Sunday, March 01, 2009

Green shoots

Distance: 11m
Walked: 1 March 09

I've really let my walking slip. It's difficult to get motivated during the winter. But this morning, officially the first day of Spring, that changed. Contrary to the weather forecast, the sun was out and it really did feel like Spring. Seeing a few buds and leaves really did get the juices flowing again! this is Hawthorn, one of the first signs of Spring.

Here we hit a minor snag. That underwater stile and waypost is where the public right of way is. It hasn't been raining, and so this strange flood seemed odd. We couldn't see any reason for it (for example a blocked river), it was just a flooded field. Even more bizarrely, the water is marked on the map (and the dotted green line of the footpath goes through the water), so it seems to be reasonably permanent. Presumably it wasn't flooded when the waypost and stile were put there...? Fortunately, it wasn't too difficult to take a slight detour around the edge of the water.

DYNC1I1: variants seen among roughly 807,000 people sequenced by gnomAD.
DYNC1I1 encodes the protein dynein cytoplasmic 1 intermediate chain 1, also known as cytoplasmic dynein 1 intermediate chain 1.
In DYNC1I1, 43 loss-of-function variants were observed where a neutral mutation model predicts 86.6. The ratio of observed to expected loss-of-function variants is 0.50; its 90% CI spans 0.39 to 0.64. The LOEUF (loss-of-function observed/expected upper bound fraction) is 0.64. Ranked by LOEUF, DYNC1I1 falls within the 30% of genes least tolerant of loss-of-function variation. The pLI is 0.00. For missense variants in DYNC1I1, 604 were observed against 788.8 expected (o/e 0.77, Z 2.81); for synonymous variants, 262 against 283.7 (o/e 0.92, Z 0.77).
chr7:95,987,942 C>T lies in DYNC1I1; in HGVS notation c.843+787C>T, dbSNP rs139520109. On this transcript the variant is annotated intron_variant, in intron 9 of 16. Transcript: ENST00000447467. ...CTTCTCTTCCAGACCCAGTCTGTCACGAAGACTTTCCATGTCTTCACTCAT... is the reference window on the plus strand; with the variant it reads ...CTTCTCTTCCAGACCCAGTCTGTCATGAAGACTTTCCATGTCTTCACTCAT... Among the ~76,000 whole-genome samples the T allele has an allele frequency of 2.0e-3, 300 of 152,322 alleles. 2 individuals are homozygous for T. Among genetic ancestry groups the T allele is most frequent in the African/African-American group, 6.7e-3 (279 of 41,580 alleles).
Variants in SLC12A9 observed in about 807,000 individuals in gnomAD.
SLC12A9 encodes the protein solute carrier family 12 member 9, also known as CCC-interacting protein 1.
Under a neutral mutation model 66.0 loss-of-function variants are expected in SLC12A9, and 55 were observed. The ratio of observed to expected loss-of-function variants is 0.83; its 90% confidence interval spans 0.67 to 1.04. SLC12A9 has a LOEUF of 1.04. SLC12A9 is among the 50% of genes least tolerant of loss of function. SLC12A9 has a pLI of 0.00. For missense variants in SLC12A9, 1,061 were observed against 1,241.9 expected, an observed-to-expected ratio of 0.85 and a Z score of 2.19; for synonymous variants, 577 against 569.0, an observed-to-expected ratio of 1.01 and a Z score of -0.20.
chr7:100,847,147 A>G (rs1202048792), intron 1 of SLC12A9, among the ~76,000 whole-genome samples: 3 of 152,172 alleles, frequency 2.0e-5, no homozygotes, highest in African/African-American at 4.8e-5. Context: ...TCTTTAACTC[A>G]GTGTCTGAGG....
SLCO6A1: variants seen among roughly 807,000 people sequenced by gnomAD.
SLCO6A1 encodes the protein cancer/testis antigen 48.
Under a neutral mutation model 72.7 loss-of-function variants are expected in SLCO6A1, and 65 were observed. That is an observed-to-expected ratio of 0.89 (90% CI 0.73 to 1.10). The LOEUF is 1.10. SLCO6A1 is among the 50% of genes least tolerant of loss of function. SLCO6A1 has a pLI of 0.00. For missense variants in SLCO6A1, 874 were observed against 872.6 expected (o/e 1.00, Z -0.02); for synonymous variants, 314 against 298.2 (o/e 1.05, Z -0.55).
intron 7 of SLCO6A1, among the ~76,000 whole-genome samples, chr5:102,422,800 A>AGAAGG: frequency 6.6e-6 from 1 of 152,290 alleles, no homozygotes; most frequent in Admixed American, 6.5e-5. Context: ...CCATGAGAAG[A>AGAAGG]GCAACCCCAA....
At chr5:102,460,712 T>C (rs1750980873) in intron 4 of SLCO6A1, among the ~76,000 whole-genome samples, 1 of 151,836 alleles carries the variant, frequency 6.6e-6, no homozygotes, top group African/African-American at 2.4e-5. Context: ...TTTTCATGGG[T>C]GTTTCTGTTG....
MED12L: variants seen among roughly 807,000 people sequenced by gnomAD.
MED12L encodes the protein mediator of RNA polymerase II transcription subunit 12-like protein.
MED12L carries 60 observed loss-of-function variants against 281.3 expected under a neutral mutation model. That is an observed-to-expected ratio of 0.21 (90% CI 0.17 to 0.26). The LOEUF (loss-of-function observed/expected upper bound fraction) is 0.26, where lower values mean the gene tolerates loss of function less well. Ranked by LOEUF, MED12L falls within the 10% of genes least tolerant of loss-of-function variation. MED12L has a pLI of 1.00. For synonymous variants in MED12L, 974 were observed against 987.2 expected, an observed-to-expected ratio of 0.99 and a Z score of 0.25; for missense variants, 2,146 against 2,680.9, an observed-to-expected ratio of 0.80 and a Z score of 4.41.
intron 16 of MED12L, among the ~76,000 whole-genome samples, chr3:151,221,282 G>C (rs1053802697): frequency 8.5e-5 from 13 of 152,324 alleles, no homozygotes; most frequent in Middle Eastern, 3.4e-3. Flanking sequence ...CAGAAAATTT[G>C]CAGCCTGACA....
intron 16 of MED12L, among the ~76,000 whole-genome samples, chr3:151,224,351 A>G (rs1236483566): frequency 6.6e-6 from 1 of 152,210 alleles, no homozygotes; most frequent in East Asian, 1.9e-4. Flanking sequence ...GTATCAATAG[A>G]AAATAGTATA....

A classic image of spring. Wool on legs.

I haven't identified this tree yet, but it has big pom-pom-like catkins with busy bees all over it.

Bakewell to Monsal Head

Distance: approx 6m
Walked 8 Feb 09

The Monsal Trail is an old railway line. They're often nicely-surfaced and great for walking at this time of the year - flat and not muddy. The snow today did make the veiws incredibly picturesque, and gave us the opportunity to warm up with a game of snowballs, but the price for that was that it was very slippery.

Monsal Head has to be one of the best views in the Peak District. All the better for being a little unexpected. The viaduct, which originally carried a railway, but is now a surfaced walking path, is fascinating. Imagine the valley without a viaduct, and then imagine someone proposing to build one across the valley. John Ruskin had a real rant about it, and he's quoted on an information board. his main beef seemed to be about making it easier for humans to get (unnecessarily) between Buxton and Bakewell. Ironically, the viaduct is now protected. I did find myself sympathising with the old curmudgeon; the viewpoint that this picture was taken from is a car park, so you can drive up, enjoy the view, enjoy a pint and drive home again. It's lucky that Ruskin couldn't forsee that. I can't help feeling that you should have to work for a view as good as this.

Once we'd arrived at this point, we made a little loop by walking (very tentatively) down to the viaduct (bottom left of this picture), over it, across the river where the buildings are on the right, and back up to this viewpoint again, before heading back to Bakewell along the railway line.